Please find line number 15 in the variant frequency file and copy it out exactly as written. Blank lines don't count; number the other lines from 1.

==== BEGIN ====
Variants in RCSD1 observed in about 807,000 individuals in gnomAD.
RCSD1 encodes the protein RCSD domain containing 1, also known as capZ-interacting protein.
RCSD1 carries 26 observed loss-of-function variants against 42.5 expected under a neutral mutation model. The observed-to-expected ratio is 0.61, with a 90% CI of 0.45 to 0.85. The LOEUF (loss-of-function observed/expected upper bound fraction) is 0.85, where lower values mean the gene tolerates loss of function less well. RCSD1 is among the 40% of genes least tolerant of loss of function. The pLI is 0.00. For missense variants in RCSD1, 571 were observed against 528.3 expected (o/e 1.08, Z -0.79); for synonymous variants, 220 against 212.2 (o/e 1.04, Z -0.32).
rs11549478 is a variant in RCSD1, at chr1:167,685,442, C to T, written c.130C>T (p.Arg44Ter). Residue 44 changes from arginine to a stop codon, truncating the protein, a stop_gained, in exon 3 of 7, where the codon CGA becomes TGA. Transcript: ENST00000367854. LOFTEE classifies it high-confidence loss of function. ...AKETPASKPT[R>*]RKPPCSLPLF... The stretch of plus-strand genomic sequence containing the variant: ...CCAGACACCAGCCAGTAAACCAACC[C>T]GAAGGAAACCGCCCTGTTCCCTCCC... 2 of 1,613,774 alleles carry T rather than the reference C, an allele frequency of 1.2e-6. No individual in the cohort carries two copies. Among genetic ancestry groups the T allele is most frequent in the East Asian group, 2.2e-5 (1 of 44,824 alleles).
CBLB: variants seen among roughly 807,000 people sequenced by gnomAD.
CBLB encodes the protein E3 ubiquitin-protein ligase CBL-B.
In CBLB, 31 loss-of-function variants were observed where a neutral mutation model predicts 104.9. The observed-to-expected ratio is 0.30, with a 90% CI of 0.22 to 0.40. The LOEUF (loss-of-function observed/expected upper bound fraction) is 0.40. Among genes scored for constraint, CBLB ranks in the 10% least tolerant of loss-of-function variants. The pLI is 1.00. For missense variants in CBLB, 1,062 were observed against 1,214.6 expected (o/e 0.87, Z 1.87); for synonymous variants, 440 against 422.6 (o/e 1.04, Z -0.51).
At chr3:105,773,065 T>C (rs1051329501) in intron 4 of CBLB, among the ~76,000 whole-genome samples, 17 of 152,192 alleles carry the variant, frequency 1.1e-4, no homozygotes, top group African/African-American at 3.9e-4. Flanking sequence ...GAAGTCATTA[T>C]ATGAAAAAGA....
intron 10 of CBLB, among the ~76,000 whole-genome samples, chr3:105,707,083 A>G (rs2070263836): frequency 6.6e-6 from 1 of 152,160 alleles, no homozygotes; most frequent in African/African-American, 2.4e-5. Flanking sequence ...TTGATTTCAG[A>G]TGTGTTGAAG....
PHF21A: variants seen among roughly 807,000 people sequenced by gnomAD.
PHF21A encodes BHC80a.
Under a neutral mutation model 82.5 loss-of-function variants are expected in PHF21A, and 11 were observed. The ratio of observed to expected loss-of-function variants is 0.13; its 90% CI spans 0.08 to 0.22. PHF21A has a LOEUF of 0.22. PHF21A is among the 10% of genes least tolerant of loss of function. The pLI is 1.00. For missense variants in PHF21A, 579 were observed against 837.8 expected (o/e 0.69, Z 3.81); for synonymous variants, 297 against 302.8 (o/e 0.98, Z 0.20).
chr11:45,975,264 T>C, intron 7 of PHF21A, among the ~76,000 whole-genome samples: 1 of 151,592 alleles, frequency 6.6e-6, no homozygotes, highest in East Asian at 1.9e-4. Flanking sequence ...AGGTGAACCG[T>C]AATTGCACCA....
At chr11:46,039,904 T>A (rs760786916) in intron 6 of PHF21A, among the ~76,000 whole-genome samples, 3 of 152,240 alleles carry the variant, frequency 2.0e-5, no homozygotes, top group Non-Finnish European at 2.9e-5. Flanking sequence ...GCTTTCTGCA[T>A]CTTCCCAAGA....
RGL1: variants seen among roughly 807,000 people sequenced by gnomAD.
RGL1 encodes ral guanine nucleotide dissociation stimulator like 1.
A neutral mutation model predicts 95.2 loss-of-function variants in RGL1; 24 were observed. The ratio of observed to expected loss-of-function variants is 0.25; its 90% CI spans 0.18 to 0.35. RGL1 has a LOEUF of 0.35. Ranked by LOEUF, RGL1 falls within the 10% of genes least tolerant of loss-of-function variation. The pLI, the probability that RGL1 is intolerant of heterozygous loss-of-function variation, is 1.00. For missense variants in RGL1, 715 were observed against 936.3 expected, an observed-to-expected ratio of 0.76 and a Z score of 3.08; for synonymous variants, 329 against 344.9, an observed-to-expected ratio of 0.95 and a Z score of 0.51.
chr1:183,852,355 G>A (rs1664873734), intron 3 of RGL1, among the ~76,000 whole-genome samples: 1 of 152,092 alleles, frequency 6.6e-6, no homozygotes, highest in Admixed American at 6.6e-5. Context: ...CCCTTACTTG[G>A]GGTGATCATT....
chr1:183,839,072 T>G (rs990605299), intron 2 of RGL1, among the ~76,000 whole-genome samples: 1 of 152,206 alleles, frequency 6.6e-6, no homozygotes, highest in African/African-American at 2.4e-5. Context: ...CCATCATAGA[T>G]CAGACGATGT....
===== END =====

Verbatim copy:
RGL1: variants seen among roughly 807,000 people sequenced by gnomAD.